- Aluminum exposure can lead to Alzheimer’s: In the 1960 and ’70s, researchers doubted aluminum to be a factor associated with the Alzheimer’s disease. People believed consuming out of aluminum plates or cooking in aluminum pans could increase the risk of Alzheimer’s disease. However, as the studies progressed, there was no significant connection found between the two. Research is now being conducted on finding other causes of the disease and very few still find aluminum to be a reason behind Alzheimer’s disease.
- Aspartame can lead to memory loss: Aspartame is an artificial sweetener that is an important ingredient of various artificial sweeteners. Since the time aspartame was sold in various artificial sweeteners like Equal and NutraSweet, there have been some questions raised about aspartame leading to memory loss. However, no such strong evidence has been found and research has concluded aspartame to be safe for consumption.
Symptoms that can tell if you Have Alzheimer’s
Memory loss is a basic sign that can help you identify Alzheimer’s. However, that is just one sign of the disease. Apart from the loss of memory, there are other definitive signs and symptoms that can help in identifying the disease. Some of these signs include:
- Loss of Memory: The first sign of Alzheimer’s that is seen as the disease starts to set in. This sign is seen in most of the Alzheimer’s patients where one experiences memory loss, particularly not remembering recently learned information. Apart from this one can also forget important dates or events, and may ask for the same information repeatedly. Memory aids like reminder notes and electronic aids are used by the patient to remember information or they may rely on their family member for information.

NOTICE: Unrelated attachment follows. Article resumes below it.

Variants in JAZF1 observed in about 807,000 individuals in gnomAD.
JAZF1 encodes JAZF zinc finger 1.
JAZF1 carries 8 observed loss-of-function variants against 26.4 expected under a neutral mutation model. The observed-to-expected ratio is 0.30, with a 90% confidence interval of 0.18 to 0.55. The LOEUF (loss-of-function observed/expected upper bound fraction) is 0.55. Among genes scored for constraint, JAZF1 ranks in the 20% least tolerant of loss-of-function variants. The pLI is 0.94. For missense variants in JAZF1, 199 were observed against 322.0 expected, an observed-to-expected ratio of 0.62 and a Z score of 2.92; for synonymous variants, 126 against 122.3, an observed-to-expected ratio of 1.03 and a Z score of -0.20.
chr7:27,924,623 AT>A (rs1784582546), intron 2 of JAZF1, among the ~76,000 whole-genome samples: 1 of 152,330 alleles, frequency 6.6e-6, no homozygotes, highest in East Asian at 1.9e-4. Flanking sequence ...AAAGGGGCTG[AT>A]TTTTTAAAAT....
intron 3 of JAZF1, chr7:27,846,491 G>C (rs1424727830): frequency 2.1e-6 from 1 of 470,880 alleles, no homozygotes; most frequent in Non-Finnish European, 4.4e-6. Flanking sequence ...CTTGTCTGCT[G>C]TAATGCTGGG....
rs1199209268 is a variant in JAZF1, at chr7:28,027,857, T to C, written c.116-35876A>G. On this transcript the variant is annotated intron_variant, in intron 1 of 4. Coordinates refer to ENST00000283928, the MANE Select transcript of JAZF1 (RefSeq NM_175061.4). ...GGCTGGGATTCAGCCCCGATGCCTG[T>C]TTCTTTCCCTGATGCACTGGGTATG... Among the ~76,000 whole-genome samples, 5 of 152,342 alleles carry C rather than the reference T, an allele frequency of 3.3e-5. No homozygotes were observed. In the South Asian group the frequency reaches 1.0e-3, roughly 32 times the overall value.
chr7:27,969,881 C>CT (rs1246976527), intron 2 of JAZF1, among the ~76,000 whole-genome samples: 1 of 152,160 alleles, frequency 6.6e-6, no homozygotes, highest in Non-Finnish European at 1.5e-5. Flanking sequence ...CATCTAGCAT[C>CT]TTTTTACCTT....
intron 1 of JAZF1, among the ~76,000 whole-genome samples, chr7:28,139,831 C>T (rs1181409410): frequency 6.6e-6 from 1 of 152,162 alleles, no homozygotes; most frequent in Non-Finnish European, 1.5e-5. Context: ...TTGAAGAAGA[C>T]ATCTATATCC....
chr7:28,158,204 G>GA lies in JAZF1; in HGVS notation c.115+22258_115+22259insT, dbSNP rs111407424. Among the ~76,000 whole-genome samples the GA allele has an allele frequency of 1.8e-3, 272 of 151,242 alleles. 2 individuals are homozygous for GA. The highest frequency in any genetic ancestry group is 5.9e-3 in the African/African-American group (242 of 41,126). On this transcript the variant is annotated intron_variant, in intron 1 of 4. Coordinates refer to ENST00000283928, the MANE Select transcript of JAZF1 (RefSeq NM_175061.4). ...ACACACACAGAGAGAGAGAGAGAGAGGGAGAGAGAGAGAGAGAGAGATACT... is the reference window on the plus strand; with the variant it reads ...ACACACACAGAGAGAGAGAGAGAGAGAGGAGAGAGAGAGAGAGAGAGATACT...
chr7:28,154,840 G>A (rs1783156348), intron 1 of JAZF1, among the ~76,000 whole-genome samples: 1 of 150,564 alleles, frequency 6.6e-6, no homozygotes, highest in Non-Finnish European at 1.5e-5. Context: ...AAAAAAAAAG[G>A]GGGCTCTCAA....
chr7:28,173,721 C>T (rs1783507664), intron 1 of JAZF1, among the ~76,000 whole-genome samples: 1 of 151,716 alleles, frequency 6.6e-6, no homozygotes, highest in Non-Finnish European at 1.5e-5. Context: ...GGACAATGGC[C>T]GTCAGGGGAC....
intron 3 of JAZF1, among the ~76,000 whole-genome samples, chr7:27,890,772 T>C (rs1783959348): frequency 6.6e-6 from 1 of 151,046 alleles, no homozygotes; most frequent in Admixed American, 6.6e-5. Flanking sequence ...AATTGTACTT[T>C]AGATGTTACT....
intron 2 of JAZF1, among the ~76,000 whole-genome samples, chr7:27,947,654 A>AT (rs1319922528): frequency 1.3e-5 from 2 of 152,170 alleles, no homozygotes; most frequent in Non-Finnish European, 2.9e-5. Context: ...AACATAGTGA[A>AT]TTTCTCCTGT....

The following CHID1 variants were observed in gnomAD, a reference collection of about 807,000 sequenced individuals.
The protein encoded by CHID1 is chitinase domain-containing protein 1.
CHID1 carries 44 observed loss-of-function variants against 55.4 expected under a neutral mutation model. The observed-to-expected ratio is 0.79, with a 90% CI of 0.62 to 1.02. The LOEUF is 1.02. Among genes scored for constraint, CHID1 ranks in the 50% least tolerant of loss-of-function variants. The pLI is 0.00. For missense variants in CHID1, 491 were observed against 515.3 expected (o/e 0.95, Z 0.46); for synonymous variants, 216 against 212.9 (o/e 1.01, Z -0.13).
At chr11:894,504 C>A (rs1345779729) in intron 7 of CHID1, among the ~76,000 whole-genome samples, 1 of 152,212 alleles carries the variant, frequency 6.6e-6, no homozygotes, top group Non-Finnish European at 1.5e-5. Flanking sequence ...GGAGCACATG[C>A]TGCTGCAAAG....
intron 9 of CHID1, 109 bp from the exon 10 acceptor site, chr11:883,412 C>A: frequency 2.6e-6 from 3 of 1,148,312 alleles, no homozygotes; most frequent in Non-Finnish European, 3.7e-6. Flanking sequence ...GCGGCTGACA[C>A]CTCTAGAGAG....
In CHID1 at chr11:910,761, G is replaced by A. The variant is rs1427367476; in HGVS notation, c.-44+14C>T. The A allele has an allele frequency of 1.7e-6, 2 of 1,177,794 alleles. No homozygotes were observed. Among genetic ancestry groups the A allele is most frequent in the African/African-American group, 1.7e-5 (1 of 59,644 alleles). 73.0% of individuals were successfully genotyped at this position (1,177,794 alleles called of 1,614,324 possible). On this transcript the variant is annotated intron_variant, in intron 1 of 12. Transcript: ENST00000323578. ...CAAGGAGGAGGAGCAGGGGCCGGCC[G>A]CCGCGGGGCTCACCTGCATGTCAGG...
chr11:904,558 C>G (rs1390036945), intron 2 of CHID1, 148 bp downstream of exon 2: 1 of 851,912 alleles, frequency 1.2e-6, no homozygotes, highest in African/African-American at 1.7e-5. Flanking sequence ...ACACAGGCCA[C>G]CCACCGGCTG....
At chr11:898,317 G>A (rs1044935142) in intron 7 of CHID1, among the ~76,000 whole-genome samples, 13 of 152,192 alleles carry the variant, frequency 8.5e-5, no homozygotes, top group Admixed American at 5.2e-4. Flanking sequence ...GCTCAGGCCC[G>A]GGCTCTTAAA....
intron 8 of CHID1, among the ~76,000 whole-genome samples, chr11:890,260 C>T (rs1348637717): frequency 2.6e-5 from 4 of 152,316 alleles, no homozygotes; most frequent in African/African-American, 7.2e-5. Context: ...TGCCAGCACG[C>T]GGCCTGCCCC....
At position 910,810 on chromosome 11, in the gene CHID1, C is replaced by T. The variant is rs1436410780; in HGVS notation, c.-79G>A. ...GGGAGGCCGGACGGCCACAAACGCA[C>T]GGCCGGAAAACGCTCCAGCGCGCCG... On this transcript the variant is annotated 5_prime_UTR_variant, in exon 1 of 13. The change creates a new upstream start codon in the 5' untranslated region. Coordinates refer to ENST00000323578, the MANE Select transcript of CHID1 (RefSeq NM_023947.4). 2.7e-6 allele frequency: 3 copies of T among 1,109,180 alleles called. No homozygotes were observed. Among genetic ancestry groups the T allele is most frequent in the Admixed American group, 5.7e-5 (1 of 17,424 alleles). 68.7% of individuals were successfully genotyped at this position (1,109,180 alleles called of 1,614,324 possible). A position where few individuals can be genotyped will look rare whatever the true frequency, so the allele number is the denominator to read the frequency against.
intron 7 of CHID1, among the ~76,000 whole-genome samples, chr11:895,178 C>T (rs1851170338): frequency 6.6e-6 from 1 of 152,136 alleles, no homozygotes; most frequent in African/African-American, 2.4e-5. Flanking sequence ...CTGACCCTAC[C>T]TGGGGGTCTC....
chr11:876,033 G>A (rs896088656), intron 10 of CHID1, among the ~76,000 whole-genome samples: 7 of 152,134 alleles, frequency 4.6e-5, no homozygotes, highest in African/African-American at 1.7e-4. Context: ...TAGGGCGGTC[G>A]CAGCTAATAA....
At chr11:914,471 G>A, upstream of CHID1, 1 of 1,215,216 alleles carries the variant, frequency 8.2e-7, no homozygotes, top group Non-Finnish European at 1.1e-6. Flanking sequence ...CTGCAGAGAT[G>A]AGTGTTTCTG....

- Unable to plan or solve problems: Some people due to Alzheimer’s could experience changes in the way they plan and work with the number or other processes. Simple things like following a recipe may seem challenging as the mind is unable to follow a method or a structure. They are unable to focus and concentrate on things for long.
- Challenges in completing everyday routine tasks: Patients living with Alzheimer’s disease find it challenging to complete everyday tasks. In some cases, patients are even unable to find the way to their home or drive in known places.
- Speech and writing problems: Persons suffering from Alzheimer’s disease may have difficulty in communicating as they are unable to follow or join in conversations. They could suddenly withdraw from conversations as in the middle of a conversation they may have no idea how to continue. They also tend to repeat themselves often. Vocabulary could become a problem as they continue searching for the right words or may refer to objects or people by wrong names.
- Becoming isolated or aloof: People suffering from Alzheimer’s tend to isolate themselves from others. They are not interested in hobbies, social activities, work or sports. They may not even remember how to do a task involving their favorite hobby also. The forgetfulness may tend to have them withdraw from social circles.
The difference in Ageing Symptoms and Alzheimer’s Symptoms